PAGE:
I make it sound like you will have lots of culls and unless your raising hundreds at one time you won't have many.
    Glad to help :)
  8. platy benWell Known MemberMember

    I only plan on raising one batch of babies at a time :)

    I wouldl ike to do the following,
    1) Find a pair from my group
    2) Remove all of the others and let the pair spawn
    3) Allow the parents to look after the eggs even if it does take multiple attempts for them
    4) Keep the parents with the fry until the fry are strong free swimmers then move the adults into my cichlid community
    5) Raise the fry to a suitable size then take them to the LFS for store credit :D
    6) Go back to step 2 :)

    But my main focus for now is culling so this is what I shall be researching for now :)

    EDIT: Thankyou so much for all of your help Carol :D
  9. ButterflyModeratorModerator Member

    Welcome as always :)
    Frequently if angels are kept in a tank by themselves when they spawn they do real good about not eating the eggs but freeswimming fry are prone to be a snack at about three days :)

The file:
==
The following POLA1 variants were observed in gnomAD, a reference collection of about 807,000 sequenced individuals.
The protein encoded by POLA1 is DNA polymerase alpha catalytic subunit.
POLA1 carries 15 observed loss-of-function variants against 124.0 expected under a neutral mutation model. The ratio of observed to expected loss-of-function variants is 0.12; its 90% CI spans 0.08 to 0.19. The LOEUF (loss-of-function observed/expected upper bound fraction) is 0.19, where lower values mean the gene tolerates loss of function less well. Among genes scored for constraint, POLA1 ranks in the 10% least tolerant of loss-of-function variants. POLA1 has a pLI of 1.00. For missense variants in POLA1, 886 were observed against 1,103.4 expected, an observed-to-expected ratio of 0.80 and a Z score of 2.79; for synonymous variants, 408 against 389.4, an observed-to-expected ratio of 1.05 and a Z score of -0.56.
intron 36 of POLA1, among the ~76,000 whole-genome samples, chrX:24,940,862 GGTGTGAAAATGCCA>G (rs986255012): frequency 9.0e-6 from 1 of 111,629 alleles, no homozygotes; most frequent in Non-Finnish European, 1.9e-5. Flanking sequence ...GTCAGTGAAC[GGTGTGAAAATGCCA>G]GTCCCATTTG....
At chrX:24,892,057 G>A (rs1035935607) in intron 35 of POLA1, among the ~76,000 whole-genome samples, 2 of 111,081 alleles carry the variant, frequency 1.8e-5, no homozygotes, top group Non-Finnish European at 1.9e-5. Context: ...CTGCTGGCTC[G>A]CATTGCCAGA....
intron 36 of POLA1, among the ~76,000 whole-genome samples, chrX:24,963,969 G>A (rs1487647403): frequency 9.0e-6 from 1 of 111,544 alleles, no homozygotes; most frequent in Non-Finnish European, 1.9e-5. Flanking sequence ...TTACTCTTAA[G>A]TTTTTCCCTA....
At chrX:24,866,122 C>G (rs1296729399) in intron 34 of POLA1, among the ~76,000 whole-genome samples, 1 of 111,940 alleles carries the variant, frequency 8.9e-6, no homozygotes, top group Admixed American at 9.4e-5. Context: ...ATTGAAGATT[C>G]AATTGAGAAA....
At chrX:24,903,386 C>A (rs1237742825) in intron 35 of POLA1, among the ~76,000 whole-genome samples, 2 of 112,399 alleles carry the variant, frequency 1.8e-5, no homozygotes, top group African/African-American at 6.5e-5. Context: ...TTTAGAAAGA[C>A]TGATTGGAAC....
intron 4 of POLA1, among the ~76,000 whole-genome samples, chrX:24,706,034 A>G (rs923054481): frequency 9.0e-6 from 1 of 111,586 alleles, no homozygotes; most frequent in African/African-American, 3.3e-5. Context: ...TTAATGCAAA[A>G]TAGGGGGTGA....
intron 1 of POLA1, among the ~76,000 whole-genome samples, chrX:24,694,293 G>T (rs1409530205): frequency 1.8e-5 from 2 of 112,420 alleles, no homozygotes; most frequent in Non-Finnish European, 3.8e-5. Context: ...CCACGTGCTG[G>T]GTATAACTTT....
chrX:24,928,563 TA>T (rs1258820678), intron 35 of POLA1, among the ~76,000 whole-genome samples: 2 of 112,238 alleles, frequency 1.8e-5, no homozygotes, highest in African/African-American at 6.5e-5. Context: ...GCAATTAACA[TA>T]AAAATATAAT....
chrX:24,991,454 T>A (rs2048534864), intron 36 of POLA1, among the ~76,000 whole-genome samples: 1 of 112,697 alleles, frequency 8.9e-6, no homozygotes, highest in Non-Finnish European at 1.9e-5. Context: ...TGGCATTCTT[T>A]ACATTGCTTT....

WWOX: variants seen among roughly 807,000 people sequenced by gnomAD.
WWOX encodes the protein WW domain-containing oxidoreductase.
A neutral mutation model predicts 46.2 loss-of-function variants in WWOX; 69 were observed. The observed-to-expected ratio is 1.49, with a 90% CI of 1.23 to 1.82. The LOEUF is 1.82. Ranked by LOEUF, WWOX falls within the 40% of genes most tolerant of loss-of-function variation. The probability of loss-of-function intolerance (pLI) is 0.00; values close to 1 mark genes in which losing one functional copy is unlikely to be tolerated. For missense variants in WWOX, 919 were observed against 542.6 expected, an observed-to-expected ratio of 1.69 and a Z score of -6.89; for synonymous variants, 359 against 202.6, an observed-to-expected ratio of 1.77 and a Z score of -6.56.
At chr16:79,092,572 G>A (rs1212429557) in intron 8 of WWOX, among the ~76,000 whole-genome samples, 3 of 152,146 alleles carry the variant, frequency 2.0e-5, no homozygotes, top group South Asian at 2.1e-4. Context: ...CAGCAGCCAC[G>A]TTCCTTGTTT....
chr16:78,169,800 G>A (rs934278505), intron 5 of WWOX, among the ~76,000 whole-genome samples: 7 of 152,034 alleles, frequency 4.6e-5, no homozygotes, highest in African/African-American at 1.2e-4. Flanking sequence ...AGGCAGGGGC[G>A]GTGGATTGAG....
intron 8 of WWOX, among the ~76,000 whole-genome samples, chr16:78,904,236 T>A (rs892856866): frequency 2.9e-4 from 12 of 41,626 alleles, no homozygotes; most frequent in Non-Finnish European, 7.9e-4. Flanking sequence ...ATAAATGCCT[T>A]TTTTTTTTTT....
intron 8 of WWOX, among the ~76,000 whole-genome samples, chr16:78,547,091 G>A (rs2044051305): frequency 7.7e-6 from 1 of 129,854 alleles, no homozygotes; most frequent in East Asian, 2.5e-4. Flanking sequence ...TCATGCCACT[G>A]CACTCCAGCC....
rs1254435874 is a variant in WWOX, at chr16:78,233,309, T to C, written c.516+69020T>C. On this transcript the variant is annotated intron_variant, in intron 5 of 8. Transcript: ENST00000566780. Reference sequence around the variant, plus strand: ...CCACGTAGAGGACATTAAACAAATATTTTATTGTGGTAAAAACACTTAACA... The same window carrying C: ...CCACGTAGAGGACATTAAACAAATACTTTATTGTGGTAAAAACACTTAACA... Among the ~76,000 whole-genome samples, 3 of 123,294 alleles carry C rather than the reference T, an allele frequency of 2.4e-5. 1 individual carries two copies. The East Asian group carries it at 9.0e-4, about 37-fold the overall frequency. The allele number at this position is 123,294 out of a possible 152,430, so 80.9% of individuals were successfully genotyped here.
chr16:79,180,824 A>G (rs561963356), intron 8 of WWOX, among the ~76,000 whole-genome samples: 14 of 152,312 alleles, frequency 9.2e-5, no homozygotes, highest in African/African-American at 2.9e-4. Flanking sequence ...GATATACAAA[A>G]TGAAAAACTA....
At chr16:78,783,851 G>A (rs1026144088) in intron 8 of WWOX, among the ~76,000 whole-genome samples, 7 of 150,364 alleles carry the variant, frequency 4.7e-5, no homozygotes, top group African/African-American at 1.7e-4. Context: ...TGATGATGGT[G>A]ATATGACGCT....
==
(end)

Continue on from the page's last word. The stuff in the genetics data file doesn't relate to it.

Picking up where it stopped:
10. rae64Well Known MemberMember

    for fish that are a little deformed, just a smaller fin or a little trouble swimming, many people just give them away to loving homes where they will not breed. since you have cichlids, depending on the type, you could maybe use your fry as feeders. i know some people do this, even if it is kinda harsh.... i dont think i could do it. also, there is a clove oil method that puts the fish to sleep, then a toxin is administered. i'm not familiar with this method, but its worth reading about :)
  11. platy benWell Known MemberMember

    Thanks rae, never thought of using them for food, In my cichlid community I have, firemouths, a blood parrot and bolivian rams, I also have a synodontis angelicus in there and he loves to eat little fish lol.
  12. rae64Well Known MemberMember

    haha lol yeah they would make healty snacks :p
  13. MeenuFishlore VIPMember